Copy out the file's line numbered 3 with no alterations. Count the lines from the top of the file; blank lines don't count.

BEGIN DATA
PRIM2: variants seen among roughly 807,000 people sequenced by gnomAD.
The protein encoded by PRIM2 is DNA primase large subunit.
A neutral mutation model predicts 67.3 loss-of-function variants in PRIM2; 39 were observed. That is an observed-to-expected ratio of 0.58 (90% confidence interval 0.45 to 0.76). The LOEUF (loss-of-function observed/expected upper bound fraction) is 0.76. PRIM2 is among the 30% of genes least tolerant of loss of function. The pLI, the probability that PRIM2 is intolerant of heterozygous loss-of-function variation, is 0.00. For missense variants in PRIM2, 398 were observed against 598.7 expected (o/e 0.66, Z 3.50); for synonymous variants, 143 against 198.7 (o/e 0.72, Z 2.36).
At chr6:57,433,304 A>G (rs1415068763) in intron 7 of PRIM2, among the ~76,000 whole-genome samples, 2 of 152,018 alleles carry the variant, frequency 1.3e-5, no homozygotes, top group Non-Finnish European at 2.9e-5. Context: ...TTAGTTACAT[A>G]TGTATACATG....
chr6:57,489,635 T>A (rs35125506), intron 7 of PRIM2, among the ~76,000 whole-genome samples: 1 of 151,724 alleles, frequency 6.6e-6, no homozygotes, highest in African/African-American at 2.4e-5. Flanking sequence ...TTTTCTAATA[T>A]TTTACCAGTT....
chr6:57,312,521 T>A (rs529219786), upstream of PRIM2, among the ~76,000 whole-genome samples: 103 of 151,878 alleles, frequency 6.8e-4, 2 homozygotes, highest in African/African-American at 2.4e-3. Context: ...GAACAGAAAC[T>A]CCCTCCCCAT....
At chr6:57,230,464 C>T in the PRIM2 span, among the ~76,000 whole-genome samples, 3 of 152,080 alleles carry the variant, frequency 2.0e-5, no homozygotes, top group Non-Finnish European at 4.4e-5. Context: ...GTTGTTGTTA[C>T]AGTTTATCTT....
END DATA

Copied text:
A neutral mutation model predicts 67.3 loss-of-function variants in PRIM2; 39 were observed. That is an observed-to-expected ratio of 0.58 (90% confidence interval 0.45 to 0.76). The LOEUF (loss-of-function observed/expected upper bound fraction) is 0.76. PRIM2 is among the 30% of genes least tolerant of loss of function. The pLI, the probability that PRIM2 is intolerant of heterozygous loss-of-function variation, is 0.00. For missense variants in PRIM2, 398 were observed against 598.7 expected (o/e 0.66, Z 3.50); for synonymous variants, 143 against 198.7 (o/e 0.72, Z 2.36).